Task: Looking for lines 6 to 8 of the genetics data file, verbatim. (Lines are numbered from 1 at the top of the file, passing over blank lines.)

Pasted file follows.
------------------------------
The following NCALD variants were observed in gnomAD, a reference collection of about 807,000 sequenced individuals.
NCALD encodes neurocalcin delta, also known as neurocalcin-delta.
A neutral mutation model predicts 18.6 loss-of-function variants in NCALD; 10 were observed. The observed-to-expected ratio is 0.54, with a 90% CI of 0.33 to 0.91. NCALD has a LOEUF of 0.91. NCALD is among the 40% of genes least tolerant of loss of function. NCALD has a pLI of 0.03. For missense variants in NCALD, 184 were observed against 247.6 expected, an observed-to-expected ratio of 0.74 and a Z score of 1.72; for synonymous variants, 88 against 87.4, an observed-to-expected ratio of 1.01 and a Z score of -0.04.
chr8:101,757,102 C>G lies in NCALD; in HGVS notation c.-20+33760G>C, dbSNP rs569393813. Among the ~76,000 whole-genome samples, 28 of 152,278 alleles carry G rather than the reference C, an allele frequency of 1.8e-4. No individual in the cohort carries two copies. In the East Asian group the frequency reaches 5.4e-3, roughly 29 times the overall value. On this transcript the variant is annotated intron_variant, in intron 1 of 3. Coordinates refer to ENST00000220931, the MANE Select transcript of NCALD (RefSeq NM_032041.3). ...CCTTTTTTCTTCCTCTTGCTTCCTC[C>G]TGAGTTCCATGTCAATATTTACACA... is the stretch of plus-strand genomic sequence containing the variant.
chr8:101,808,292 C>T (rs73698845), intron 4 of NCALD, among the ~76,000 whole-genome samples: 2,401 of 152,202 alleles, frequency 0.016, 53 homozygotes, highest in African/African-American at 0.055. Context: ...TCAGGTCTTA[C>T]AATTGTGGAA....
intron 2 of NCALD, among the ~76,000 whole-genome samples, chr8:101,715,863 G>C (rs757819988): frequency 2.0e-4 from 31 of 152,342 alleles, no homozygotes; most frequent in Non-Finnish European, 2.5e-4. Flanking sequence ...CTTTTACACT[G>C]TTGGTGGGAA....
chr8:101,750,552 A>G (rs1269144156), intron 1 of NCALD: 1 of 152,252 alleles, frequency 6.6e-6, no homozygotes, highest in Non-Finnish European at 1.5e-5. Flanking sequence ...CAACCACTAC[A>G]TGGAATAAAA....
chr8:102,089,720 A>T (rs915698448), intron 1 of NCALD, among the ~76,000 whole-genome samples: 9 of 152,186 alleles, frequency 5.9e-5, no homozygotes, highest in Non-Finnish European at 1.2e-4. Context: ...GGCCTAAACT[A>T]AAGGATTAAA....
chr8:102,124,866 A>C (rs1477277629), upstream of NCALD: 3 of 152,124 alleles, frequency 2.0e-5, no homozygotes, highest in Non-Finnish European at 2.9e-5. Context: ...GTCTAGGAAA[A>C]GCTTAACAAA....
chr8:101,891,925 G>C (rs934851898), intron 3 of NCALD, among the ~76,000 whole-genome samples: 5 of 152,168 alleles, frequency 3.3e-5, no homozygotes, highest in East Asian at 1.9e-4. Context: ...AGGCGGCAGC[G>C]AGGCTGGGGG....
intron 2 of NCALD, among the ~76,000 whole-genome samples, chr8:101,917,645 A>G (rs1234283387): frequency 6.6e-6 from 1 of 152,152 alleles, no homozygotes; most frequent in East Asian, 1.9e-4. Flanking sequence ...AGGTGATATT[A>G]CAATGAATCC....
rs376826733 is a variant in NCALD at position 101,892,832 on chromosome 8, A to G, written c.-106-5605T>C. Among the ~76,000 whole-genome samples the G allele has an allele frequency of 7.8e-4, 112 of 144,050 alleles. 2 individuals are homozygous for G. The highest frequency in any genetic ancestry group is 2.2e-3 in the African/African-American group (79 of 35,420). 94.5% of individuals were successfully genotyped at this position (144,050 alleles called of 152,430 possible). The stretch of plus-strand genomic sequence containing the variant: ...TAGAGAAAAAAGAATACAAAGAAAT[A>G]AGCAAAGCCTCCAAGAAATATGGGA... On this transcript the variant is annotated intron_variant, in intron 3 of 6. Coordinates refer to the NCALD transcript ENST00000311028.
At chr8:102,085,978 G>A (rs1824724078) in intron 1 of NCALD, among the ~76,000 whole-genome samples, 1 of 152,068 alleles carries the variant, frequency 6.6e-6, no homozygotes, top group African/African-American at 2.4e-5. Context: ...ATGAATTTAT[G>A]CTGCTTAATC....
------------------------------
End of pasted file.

intron 2 of NCALD, among the ~76,000 whole-genome samples, chr8:101,715,863 G>C (rs757819988): frequency 2.0e-4 from 31 of 152,342 alleles, no homozygotes; most frequent in Non-Finnish European, 2.5e-4. Flanking sequence ...CTTTTACACT[G>C]TTGGTGGGAA....
chr8:101,750,552 A>G (rs1269144156), intron 1 of NCALD: 1 of 152,252 alleles, frequency 6.6e-6, no homozygotes, highest in Non-Finnish European at 1.5e-5. Flanking sequence ...CAACCACTAC[A>G]TGGAATAAAA....
chr8:102,089,720 A>T (rs915698448), intron 1 of NCALD, among the ~76,000 whole-genome samples: 9 of 152,186 alleles, frequency 5.9e-5, no homozygotes, highest in Non-Finnish European at 1.2e-4. Context: ...GGCCTAAACT[A>T]AAGGATTAAA....